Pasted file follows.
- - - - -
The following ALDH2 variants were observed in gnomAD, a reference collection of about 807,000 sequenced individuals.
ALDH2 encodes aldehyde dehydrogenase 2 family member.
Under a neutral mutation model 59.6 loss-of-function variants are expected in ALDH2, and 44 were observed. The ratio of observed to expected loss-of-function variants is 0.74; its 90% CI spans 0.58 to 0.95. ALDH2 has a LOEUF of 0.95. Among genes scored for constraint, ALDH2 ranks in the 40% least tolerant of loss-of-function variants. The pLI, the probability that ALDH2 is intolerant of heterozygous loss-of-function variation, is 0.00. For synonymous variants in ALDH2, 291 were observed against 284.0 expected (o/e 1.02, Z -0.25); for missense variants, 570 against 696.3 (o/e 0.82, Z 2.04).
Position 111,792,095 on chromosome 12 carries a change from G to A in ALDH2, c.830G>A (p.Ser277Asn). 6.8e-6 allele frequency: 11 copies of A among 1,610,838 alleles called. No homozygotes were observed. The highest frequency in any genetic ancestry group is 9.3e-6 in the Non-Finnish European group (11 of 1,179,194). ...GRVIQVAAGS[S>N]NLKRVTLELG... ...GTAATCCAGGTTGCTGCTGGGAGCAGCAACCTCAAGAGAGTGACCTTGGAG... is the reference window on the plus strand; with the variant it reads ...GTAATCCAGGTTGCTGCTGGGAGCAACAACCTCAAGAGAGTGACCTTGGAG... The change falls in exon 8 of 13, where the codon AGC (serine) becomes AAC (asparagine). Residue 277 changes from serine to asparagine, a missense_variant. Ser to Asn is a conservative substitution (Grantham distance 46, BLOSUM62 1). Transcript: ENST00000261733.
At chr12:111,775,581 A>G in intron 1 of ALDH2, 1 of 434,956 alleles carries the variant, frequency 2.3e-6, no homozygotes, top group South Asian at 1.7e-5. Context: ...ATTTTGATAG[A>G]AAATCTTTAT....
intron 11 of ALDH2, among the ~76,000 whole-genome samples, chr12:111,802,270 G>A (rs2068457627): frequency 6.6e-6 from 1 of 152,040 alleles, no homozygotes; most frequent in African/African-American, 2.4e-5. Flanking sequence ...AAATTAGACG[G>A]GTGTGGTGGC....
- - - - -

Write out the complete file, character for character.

The following ALDH2 variants were observed in gnomAD, a reference collection of about 807,000 sequenced individuals.
ALDH2 encodes aldehyde dehydrogenase 2 family member.
Under a neutral mutation model 59.6 loss-of-function variants are expected in ALDH2, and 44 were observed. The ratio of observed to expected loss-of-function variants is 0.74; its 90% CI spans 0.58 to 0.95. ALDH2 has a LOEUF of 0.95. Among genes scored for constraint, ALDH2 ranks in the 40% least tolerant of loss-of-function variants. The pLI, the probability that ALDH2 is intolerant of heterozygous loss-of-function variation, is 0.00. For synonymous variants in ALDH2, 291 were observed against 284.0 expected (o/e 1.02, Z -0.25); for missense variants, 570 against 696.3 (o/e 0.82, Z 2.04).
Position 111,792,095 on chromosome 12 carries a change from G to A in ALDH2, c.830G>A (p.Ser277Asn). 6.8e-6 allele frequency: 11 copies of A among 1,610,838 alleles called. No homozygotes were observed. The highest frequency in any genetic ancestry group is 9.3e-6 in the Non-Finnish European group (11 of 1,179,194). ...GRVIQVAAGS[S>N]NLKRVTLELG... ...GTAATCCAGGTTGCTGCTGGGAGCAGCAACCTCAAGAGAGTGACCTTGGAG... is the reference window on the plus strand; with the variant it reads ...GTAATCCAGGTTGCTGCTGGGAGCAACAACCTCAAGAGAGTGACCTTGGAG... The change falls in exon 8 of 13, where the codon AGC (serine) becomes AAC (asparagine). Residue 277 changes from serine to asparagine, a missense_variant. Ser to Asn is a conservative substitution (Grantham distance 46, BLOSUM62 1). Transcript: ENST00000261733.
At chr12:111,775,581 A>G in intron 1 of ALDH2, 1 of 434,956 alleles carries the variant, frequency 2.3e-6, no homozygotes, top group South Asian at 1.7e-5. Context: ...ATTTTGATAG[A>G]AAATCTTTAT....
intron 11 of ALDH2, among the ~76,000 whole-genome samples, chr12:111,802,270 G>A (rs2068457627): frequency 6.6e-6 from 1 of 152,040 alleles, no homozygotes; most frequent in African/African-American, 2.4e-5. Flanking sequence ...AAATTAGACG[G>A]GTGTGGTGGC....